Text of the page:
I’ve written extensively about DeSantis’s regression and how it was enabled by allies who knew better. I think it’s important in its own terms: The rise of anti-vaccine sentiment on the right, which is spreading to other vaccines conservatives used to have no problem with, is a serious public-health crisis. But I also think it represents a broader pathology with conservative politics. The conservative movement has developed internal political norms that make it difficult, and frequently impossible, for people with sane beliefs to speak out candidly against insane beliefs.
When the sane do speak up, they must couch their concerns in the softest terms. Usually it is wrapped in the guise of some fantasy, projecting imaginary beliefs onto the party in order to avoid grappling with some unacceptable position.
Two decades ago, I would have said this dynamic was almost entirely exclusive to conservatives, at least in the American context. But there is a growing sphere of progressives dedicated to copying a version of this style.
Here is one example of the method in action. A few weeks ago, Jesse Singal, a former colleague, wrote a New York Times op-ed arguing that evidence suggests diversity training is ineffective and may even be counterproductive.
This was met, predictably, by a wave of complaints. Here was Will Stancil complaining that Singal’s argument was redundant:
And here was Michael Hobbes dismissing it because Singal has criticized the left on racism before:
Hobbes and Stancil have a prominent role among a coterie of left-wing pundits who reliably denounce any criticism of the left by the center-left. Sometimes their complaints focus on the substance of the argument in question. Other times, they simply denounce the objectionable position being published at all.
It’s notable that neither engages with the evidence amassed by Singal, nor do they even bother to register their disagreement with his conclusion. Their complaint is that it is being said (Stancil) or that Singal is saying it (Hobbes). Stancil also posits that the Times does not publish op-eds about racial segregation or the need for police reform, a claim that, even if true — and a Google search easily proves it is complete nonsense — has no bearing on Singal’s point.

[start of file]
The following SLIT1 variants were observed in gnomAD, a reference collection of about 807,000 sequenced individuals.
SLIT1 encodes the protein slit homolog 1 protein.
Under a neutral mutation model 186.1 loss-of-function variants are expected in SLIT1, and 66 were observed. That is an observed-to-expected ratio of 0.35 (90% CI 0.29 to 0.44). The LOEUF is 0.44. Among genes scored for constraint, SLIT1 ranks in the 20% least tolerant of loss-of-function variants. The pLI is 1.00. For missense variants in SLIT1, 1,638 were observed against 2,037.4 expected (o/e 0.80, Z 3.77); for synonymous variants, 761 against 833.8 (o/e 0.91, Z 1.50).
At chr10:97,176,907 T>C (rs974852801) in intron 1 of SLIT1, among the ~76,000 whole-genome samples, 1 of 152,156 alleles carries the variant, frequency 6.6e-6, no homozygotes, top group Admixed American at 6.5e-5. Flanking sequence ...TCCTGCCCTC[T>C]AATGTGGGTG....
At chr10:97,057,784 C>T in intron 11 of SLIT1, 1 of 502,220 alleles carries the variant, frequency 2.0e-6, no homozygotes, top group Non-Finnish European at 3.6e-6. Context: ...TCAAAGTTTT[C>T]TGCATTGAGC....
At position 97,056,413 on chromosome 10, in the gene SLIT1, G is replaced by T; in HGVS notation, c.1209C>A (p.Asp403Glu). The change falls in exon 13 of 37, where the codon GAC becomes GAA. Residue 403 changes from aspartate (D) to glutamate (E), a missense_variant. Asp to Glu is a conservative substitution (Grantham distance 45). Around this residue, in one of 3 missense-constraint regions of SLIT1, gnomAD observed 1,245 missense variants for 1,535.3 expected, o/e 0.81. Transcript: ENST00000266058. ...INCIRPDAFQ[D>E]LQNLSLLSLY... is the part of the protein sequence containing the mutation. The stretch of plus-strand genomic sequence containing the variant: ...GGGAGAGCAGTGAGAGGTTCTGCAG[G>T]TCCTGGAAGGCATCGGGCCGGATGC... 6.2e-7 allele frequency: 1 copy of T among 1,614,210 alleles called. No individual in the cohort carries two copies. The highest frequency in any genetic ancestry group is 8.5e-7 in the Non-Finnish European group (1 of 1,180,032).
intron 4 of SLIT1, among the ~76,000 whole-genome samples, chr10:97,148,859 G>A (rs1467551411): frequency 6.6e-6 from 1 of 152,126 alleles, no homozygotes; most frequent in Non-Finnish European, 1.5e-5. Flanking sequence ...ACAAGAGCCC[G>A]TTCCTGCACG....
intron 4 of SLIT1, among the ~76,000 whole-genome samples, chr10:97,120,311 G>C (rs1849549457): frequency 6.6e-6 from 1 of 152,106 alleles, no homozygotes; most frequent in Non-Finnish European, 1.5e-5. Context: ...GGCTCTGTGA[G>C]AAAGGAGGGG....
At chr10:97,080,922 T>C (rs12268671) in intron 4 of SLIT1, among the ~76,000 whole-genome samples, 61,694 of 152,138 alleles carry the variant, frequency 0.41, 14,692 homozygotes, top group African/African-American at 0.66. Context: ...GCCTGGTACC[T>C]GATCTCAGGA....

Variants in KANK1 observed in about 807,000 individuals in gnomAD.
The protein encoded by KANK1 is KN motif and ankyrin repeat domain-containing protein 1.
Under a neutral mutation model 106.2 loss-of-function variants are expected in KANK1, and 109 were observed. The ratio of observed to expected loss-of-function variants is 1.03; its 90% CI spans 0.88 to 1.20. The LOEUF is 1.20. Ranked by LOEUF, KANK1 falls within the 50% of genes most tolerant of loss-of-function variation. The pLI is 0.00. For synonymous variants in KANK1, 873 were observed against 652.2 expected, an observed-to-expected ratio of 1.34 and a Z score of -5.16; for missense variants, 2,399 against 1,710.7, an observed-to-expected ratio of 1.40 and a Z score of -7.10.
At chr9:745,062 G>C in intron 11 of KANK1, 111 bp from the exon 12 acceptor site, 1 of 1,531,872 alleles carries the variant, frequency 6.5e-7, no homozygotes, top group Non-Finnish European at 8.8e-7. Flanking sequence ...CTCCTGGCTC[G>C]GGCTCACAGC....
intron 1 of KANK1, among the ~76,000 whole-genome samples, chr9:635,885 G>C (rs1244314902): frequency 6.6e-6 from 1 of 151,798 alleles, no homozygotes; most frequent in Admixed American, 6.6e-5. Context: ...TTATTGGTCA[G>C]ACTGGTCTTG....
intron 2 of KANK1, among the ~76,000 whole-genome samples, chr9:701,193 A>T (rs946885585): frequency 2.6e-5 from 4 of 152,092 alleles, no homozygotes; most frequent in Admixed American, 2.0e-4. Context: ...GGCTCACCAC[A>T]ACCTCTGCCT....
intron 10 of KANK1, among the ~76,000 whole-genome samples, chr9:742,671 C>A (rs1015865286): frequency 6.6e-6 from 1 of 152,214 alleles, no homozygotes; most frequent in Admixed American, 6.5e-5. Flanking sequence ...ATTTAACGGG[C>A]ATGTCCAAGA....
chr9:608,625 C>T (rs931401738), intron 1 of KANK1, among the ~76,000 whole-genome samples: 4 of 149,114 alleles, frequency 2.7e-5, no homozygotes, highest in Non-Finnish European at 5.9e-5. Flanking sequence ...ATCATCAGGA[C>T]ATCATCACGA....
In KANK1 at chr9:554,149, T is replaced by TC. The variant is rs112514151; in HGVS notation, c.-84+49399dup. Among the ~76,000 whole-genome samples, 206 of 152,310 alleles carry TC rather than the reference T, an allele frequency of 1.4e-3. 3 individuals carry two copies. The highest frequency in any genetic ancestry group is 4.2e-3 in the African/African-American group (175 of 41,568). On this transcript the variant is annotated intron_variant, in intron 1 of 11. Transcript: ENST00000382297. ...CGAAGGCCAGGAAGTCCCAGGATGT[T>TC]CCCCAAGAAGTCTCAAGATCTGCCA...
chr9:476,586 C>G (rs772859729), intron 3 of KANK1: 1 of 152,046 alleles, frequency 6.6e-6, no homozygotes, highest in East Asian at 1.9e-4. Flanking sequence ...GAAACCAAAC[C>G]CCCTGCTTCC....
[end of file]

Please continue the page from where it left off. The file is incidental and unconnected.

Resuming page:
I suppose one might argue that some criticisms of the left are so widely believed and undisputed that repeating them serves no purpose at all. But this argument would require conceding that the criticism is true. In a world where everybody on the left understood that diversity training was useless, there would indeed be no point in an op-ed calling it useless. (To be fair, the need to bring unique insights is not a standard progressives apply to topics such as “Is climate change serious?,” “Does Donald Trump tell lies?,” and so on.)
But no consensus like this exists. Diversity training remains a giant, multibillion-dollar industry. You would think progressives, who are correctly invested in the success of anti-racism, would care whether this enormous investment — one that, for millions of Americans, represents their most direct exposure to anti-racist thinking — is making the situation better or worse.
And I suspect people like Stancil and Hobbes do care. But they care more about preventing their allies from being criticized in the Times. They don’t say Singal is wrong about the efficacy of corporate anti-racism training.
But they also don’t concede he is correct because this would mean breaking ranks with their allies, a violation of the “no enemies to the left” norms they are committed to upholding. Like the pro-vaccine DeSantis supporters, they are engaged in a kind of strategic silence.
The objection that a criticism of the left is excessive or redundant is a common one. I hear it every time I criticize the left. I’ve found that people have an almost unlimited appetite for opinions that praise their allies and castigate their enemies. Opinions that question their allies or concede a point to their enemies grow tedious very quickly — often as quickly as the very first time such a view is encountered.
Obviously, not every criticism of the left by the center-left should be taken as true. Nor, for that matter, should every criticism of the right by the center-right. The truth of any proposition needs to be demonstrated through argument. When an important question is being talked around, or when you are told it is bad form to raise it, that is when suspicions ought to rise that you are watching somebody cover for the errors of an ally.